Constraining Love

Discussion in 'Baptist Theology & Bible Study' started by Rippon, Apr 24, 2006.

  1. Rippon

    Rippon
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    This was a message by J.Gresham Machen ( 1881-1937 ) . His text was 2 Cor.5:14,15 : For the love of Christ constrains us ; because we thus judge , that if one died for all , then were all dead , and that he died for all , that they which live should not henceforth live unto themselves , but unto him which died for them , and rose again .

    I will give some fragments from his sermon .


    Well , I suppose our Christian brethren in other churches , our Christian brethren who are opposed to the Reformed faith , might be tempted to make that word " all " mean , in this passage , " all men " , they might be tempted to make it refer to the whole human race . They might be tempted to interpret the words , " Christ died for all men everywhere , whether Christians or not . "
    But if they are tempted to make it mean that , they ought to resist the temptation , since this passage is really a very dangerous passage for them to lay stress on in support of their view .
    In the first place , the context is dead against it . It is rather strongly against the view that " Christ died for all " means here " Christ died for all men ." All through this passage Paul is speaking not of the relation of Christ to all men , but of the relation of Christ to the church .
    In the second place , the view that " Christ died for all " means " Christ died for all men " proves too much . The things that Paul says in this passage about those for whom Christ died do not fit those who merely have the gospel offered to them ; they fit only those who accept the gospel for the salvation of their souls . Can it be said of all men , including those who reject the gospel or have never heard it , that they died when Christ died on the cross ; can it be said of them that they no longer live unto themselves but unto Christ who died for them ? Surely these things cannot be said of all men , and therefore the word " all " does not mean all men .
     
  2. Rippon

    Rippon
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    Did Christ upon the cross die merely to make possible my salvation ? Did he die merely for the great mass of humanity and then leave it to the decision of individuals in that mass whether they would make any use of what Christ purchased for them at such cost ? Was I , in the thought of the Son of God when he died there on Calvary , merely one in the great mass of persons who might possibly at some future time accept the benefits of his death ?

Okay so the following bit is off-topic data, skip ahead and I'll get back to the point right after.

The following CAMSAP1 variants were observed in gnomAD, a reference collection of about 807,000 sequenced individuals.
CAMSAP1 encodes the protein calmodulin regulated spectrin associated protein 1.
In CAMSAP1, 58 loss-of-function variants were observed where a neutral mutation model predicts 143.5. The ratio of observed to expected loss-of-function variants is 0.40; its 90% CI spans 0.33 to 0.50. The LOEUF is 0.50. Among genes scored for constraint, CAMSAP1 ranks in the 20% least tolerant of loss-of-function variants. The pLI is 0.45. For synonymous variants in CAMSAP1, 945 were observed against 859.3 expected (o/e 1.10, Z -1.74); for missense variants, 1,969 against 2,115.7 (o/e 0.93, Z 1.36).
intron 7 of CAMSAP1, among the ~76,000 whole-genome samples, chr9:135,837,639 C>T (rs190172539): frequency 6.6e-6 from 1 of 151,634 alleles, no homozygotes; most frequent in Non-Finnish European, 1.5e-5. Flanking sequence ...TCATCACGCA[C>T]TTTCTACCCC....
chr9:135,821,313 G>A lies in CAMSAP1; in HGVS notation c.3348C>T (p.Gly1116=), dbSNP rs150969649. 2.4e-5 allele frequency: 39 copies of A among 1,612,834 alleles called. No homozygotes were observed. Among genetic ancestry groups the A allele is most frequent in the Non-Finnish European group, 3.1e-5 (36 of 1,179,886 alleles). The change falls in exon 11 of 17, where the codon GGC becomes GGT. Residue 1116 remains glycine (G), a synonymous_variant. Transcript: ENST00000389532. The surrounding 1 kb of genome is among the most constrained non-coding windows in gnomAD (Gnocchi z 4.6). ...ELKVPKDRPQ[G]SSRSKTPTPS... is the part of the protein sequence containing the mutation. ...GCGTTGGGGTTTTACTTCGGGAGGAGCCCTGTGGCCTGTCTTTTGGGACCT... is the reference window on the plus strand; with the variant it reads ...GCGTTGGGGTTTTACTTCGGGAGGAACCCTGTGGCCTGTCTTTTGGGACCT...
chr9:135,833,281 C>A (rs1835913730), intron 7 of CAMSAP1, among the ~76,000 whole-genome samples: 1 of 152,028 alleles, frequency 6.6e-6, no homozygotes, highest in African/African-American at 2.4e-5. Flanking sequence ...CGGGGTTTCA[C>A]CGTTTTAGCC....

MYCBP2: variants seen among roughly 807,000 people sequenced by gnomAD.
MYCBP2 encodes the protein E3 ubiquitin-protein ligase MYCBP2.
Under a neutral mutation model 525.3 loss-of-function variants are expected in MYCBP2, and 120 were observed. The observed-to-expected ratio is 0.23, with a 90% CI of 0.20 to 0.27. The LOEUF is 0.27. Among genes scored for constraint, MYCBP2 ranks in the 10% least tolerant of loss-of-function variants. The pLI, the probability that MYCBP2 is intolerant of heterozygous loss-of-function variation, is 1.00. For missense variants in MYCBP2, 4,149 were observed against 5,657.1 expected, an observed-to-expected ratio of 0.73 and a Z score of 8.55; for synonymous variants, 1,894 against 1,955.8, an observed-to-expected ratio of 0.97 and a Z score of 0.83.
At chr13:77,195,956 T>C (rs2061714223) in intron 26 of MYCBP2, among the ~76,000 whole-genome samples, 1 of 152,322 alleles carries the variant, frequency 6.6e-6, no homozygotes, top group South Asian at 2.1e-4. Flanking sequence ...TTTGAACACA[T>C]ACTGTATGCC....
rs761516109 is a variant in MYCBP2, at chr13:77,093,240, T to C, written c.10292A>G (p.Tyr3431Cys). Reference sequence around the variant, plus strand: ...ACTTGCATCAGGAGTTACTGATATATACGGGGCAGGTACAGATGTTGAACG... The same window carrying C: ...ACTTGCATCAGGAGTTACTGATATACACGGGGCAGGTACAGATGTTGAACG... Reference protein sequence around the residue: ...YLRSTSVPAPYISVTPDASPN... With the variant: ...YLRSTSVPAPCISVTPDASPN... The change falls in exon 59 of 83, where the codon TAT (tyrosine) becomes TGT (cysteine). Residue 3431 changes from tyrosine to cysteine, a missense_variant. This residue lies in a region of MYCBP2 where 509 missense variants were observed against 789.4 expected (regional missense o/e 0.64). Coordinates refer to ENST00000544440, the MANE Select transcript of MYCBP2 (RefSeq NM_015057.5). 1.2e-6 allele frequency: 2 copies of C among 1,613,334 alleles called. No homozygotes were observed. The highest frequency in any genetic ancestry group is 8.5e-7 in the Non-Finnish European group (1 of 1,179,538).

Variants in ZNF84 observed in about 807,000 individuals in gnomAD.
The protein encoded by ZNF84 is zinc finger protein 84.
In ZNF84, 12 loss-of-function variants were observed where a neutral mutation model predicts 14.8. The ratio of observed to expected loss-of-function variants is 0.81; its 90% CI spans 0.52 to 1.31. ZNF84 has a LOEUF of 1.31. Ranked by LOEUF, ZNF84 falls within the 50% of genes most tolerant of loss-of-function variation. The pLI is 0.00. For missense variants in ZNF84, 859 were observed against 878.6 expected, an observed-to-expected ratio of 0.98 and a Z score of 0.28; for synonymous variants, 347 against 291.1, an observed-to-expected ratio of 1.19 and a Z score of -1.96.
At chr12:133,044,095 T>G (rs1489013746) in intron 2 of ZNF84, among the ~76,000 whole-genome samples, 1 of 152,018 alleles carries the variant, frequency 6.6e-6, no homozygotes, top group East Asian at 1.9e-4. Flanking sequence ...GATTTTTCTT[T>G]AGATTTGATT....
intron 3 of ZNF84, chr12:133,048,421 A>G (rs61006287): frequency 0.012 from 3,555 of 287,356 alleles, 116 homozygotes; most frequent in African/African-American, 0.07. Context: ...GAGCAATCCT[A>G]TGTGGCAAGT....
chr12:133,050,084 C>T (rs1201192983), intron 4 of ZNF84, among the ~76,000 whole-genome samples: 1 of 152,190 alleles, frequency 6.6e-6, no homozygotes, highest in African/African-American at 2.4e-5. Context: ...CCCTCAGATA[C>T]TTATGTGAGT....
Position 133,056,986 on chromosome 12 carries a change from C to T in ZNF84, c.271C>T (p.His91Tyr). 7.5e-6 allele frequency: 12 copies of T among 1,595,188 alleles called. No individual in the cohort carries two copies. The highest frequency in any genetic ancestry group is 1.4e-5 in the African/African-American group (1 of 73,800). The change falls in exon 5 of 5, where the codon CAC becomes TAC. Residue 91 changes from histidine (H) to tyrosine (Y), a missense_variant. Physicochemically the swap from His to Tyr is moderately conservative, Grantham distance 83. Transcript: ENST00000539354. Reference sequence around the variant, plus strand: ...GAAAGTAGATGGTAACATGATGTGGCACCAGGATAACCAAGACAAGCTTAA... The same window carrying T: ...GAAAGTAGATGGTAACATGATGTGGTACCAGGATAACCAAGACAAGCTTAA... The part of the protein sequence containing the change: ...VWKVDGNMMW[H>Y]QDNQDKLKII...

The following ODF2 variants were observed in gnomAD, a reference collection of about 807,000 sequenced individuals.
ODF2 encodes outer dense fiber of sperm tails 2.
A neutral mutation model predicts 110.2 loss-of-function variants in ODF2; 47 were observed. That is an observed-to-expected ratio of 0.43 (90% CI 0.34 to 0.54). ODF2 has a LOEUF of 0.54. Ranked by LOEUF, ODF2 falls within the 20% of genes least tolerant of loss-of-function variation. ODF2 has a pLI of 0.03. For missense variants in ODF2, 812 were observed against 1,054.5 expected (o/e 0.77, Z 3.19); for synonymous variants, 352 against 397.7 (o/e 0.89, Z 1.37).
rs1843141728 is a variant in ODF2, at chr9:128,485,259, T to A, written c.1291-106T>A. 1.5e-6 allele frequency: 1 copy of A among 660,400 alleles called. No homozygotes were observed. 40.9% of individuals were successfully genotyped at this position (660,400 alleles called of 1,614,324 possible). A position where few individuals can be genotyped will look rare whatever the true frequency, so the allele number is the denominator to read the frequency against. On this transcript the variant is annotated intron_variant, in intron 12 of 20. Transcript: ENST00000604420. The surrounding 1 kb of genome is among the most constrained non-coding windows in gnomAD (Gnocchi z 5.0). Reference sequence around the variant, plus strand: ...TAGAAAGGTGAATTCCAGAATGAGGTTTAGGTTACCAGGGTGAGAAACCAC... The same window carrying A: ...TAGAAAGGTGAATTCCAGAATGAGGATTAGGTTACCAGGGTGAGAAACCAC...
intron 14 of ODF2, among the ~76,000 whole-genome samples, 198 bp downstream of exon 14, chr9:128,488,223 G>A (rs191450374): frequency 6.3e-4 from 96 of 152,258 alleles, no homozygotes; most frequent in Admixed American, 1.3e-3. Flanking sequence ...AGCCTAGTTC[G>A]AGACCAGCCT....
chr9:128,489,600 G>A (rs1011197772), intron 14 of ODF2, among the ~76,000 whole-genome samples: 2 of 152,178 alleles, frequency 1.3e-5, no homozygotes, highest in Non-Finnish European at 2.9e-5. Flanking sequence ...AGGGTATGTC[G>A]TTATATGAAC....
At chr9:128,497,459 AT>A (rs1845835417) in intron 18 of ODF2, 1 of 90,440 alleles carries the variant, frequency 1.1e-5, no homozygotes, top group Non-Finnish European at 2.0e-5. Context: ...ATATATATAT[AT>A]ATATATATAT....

I tell you , my friends , if I thought that -- if , in other words , I became a consistent Arminian instead of a Calvinist -- I should feel almost as though the light had forever gone out of my soul . No , indeed , my friends , Christ did not die there on Calvary merely to make possible our salvation . He died to save us . He died not merely to provide a general benefit for the hman race from which we might at some future time draw , as from some general fund , what is needed for the salvation of our souls . No , thank God , he died there on the cross for us individually . He called us , when he died for us , by our names . He loved us not as infinitesimal particles in the mass of the human race , but he loved us every one .
     
  3. Rippon

    Rippon
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    People say that Calvinism is a dour , hard creed . How broad and comforting , they say , is the doctrine of a universal atonement , the doctrine that Christ died equally for all men there upon the cross ! How narrow and harsh ,they say , is this Calvinistic doctrine -- one of the " five points " of Calvinism -- this doctrine of the " limited atonement ," this doctrine that Christ died for the elect of God in a sense in which he did not die for the unsaved !
    But do you know , my friends , it is surprising that men say that . It is surprising that they regard the doctrine of a universal atonement as being a comforting doctrine . In reality it is a very gloomy doctrine indeed . Ah , if it were only a doctrine of a universal salvation , instead of a doctrine of a universal atonement , then it would no doubt be a very comforting doctrine ; then no doubt it would conform wonderfully well to what we in our puny wisdom might have thought the course of the world should have been . But a universal atonement without a universal salvation is a cold , gloomy doctrine indeed . To say that Christ died for all men alike and that then not all men are saved , to say that Christ died for humanity simply in the mass , and that the choice of those who out of that mass are saved depends upon the greater receptivity of some as compared with others -- that is a doctrine that takes from the gospel much of its sweetness and much of its joy . From the cold universalism of that Arminian ceed we turn ever again with a new thankfulness to the warm and tender individualism of our Reformed faith , which we believe to be in accord with God's Holy Word . Thank God we can say every one , as we contemplate Christ upon the cross , not just : " He died for the mass of humanity , and how glad I am amid that mass , " but : " He loved me and gave himself for me ; my name was written from all eternity upon his heart , and when he hung and suffered there on the cross he thought of me , even me , as one for whom in his grace he was willing to die . "
     

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